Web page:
Let the Data Speak? No, Not Always
Frank L. Schmidt, a respected professor and researcher at the University of Iowa, gave a talk at the Association for Psychological Science’s 20th convention on Saturday about how scientific data can lie. Yes, that’s right, empirical data — even that published in respected, peer-reviewed journals — regularly do not tell the truth.
Schmidt’s talk was well-attended in one of the largest ballrooms at the Sheraton Hotel and Towers in Chicago where the convention is being held. Although an uneven presentation, Schmidt’s main points came across.
One of which is that the naive interpretation of multiple datasets is often likely to be the most correct — Occam’s razor (“the simplest solution is usually the best answer”). Schmidt claims that good research finds the simple structure underlying complex data.
He summarized there are two main reasons why data can “lie” in research — sampling errors and measurement errors.
Schmidt’s biggest criticism was directed at psychological science’s fetish with significance testing — e.g., statistical significance. He wishes that psychology would move far away from its reliance and fascination with statistical significance, because it is a weak, biased measure that basically says little about the underlying data or hypothesis.
Schmidt described six myths of surrounding significance testing. One myth was that a good p value is an indicator of significance, when it’s really just an indication of a study’s power level. Another was that if no significance was found that means there was no relationship found between the variables (in truth, it may mean simply that the study lacked sufficient power).
Schmidt’s solutions are simple — report effect sizes (point estimates) and confidence intervals instead, and de-emphasize significance testing altogether.
He ended lambasting the new-found emphasis on meta-analyses in psychological research, specifically calling out the journal Psychological Bulletin. In a yet-to-be-published study, he and other researchers examined all the meta-analyses published in the Psychological Bulletin from 1978-2006 — 199 studies altogether.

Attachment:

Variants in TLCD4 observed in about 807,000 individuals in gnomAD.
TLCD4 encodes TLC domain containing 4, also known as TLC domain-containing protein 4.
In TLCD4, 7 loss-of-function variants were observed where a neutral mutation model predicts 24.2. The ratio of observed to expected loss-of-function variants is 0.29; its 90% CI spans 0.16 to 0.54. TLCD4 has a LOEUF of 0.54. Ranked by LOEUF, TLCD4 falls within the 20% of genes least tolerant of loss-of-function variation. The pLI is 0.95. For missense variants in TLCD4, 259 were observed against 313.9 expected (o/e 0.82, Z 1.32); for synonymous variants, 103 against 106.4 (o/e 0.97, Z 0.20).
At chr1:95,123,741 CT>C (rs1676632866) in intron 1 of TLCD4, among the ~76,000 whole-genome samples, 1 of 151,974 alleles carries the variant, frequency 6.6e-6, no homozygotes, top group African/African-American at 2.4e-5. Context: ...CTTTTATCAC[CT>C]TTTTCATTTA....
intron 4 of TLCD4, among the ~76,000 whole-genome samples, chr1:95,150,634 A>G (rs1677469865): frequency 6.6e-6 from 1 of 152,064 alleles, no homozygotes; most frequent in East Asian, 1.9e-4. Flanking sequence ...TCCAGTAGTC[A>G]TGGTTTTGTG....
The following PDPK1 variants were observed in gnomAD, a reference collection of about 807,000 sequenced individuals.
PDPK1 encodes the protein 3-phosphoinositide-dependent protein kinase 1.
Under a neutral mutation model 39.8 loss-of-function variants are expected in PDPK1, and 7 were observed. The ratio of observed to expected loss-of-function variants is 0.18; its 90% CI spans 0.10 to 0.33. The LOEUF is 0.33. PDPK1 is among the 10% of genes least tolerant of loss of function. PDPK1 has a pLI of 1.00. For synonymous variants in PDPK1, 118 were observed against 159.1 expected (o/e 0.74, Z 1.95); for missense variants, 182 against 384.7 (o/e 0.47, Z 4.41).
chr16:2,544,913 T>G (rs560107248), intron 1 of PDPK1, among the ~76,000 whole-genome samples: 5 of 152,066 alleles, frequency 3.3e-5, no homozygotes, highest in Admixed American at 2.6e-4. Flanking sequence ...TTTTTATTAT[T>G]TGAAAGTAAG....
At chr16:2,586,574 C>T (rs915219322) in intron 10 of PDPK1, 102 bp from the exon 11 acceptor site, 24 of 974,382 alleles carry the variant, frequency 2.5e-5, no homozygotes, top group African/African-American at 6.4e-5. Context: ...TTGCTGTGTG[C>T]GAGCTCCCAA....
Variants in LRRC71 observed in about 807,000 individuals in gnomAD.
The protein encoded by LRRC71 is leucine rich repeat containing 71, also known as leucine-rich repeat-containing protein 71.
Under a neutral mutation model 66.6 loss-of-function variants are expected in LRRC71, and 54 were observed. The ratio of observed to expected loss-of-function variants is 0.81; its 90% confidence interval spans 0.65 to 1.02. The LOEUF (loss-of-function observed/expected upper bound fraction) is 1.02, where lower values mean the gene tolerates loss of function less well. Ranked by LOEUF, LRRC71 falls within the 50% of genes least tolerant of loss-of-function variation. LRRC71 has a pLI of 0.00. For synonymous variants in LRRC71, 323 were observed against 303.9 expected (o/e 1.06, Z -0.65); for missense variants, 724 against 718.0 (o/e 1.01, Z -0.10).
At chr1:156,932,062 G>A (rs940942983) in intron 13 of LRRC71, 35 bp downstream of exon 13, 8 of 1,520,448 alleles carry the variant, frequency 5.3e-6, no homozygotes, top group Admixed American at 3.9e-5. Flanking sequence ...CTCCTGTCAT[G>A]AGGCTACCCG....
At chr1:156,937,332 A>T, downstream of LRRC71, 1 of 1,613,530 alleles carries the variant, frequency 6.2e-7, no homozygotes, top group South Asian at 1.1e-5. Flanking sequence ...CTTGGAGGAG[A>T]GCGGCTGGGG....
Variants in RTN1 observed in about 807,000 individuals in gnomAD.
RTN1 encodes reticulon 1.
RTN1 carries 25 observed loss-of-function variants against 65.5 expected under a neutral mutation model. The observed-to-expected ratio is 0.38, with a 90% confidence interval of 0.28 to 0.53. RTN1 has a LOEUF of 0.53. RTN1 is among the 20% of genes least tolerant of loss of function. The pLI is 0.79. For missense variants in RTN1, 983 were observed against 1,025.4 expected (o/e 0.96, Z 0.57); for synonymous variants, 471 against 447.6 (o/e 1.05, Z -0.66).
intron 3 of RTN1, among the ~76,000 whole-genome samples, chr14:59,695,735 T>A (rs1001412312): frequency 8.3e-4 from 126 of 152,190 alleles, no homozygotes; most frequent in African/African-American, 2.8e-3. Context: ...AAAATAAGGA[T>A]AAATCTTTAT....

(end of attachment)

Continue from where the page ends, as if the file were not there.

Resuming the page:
The researchers found that 65% of these studies examined used a “fixed effects” model for their meta-analysis. Schmidt claimed that in fixed effects models data relationships are underestimated (by as much as 50%) and that researchers are over-estimating how precise they are (how little error there is in that estimate). Instead, Schmidt prefers “random effects” models that better account for these variations.
He also noted that in 90% of the studies examined, no corrections were made for measurement error — one of the major reasons he cites that data can “lie” in psychological research.
Given this analysis, Schmidt is suggesting that a great many meta-analyses published in peer-reviewed journals reach incorrect or faulty conclusions.
Sadly, this state of affairs is unlikely to change any time soon. While many psychological journals have adopted stricter standards for publication of research that better adhere to Schmidt’s suggestions, many still do not and seem to have no intention of changing.
What this means to the average person is that you cannot trust every study published just because it appears in a peer-reviewed journal, which is then publicized across the media as “fact” through a press release. Such facts are malleable, changing, and faulty. Only through careful reading and analysis of such studies can we understand the value of the data they present.
Grohol, J. (2018). Let the Data Speak? No, Not Always. Psych Central. Retrieved on December 1, 2020, from https://psychcentral.com/blog/let-the-data-speak-no-not-always/